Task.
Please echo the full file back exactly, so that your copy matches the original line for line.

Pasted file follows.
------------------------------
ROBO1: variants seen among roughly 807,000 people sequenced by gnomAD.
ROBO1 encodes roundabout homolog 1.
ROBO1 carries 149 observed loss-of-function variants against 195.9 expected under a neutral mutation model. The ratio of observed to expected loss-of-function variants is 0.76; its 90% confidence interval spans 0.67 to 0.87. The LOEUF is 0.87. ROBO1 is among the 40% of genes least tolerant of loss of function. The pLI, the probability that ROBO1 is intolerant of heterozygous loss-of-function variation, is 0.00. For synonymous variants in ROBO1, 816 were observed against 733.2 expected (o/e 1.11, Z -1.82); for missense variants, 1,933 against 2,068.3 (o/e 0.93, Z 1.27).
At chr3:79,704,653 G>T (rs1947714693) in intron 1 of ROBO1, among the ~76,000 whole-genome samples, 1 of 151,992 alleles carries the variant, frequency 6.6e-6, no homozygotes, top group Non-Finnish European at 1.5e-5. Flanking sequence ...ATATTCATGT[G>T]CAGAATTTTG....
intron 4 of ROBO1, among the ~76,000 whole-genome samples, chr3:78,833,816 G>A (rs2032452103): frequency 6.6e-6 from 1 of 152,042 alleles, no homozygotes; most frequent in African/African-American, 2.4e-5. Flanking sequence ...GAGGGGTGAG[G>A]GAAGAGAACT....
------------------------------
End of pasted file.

ROBO1: variants seen among roughly 807,000 people sequenced by gnomAD.
ROBO1 encodes roundabout homolog 1.
ROBO1 carries 149 observed loss-of-function variants against 195.9 expected under a neutral mutation model. The ratio of observed to expected loss-of-function variants is 0.76; its 90% confidence interval spans 0.67 to 0.87. The LOEUF is 0.87. ROBO1 is among the 40% of genes least tolerant of loss of function. The pLI, the probability that ROBO1 is intolerant of heterozygous loss-of-function variation, is 0.00. For synonymous variants in ROBO1, 816 were observed against 733.2 expected (o/e 1.11, Z -1.82); for missense variants, 1,933 against 2,068.3 (o/e 0.93, Z 1.27).
At chr3:79,704,653 G>T (rs1947714693) in intron 1 of ROBO1, among the ~76,000 whole-genome samples, 1 of 151,992 alleles carries the variant, frequency 6.6e-6, no homozygotes, top group Non-Finnish European at 1.5e-5. Flanking sequence ...ATATTCATGT[G>T]CAGAATTTTG....
intron 4 of ROBO1, among the ~76,000 whole-genome samples, chr3:78,833,816 G>A (rs2032452103): frequency 6.6e-6 from 1 of 152,042 alleles, no homozygotes; most frequent in African/African-American, 2.4e-5. Flanking sequence ...GAGGGGTGAG[G>A]GAAGAGAACT....